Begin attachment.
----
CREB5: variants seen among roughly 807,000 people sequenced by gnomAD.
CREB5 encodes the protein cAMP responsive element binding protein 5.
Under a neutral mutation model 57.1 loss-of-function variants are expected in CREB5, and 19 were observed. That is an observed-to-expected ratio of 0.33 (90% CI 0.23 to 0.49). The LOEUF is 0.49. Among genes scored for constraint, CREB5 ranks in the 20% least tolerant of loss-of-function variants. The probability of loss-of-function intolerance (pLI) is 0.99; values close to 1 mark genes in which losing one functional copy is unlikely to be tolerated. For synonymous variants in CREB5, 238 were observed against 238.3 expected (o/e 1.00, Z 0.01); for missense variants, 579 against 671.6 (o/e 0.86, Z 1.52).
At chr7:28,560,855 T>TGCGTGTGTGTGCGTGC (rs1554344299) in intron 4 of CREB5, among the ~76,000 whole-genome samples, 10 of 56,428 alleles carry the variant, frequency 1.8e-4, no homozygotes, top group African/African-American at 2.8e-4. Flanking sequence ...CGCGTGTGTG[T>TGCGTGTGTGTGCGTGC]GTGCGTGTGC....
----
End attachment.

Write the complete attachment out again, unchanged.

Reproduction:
CREB5: variants seen among roughly 807,000 people sequenced by gnomAD.
CREB5 encodes the protein cAMP responsive element binding protein 5.
Under a neutral mutation model 57.1 loss-of-function variants are expected in CREB5, and 19 were observed. That is an observed-to-expected ratio of 0.33 (90% CI 0.23 to 0.49). The LOEUF is 0.49. Among genes scored for constraint, CREB5 ranks in the 20% least tolerant of loss-of-function variants. The probability of loss-of-function intolerance (pLI) is 0.99; values close to 1 mark genes in which losing one functional copy is unlikely to be tolerated. For synonymous variants in CREB5, 238 were observed against 238.3 expected (o/e 1.00, Z 0.01); for missense variants, 579 against 671.6 (o/e 0.86, Z 1.52).
At chr7:28,560,855 T>TGCGTGTGTGTGCGTGC (rs1554344299) in intron 4 of CREB5, among the ~76,000 whole-genome samples, 10 of 56,428 alleles carry the variant, frequency 1.8e-4, no homozygotes, top group African/African-American at 2.8e-4. Flanking sequence ...CGCGTGTGTG[T>TGCGTGTGTGTGCGTGC]GTGCGTGTGC....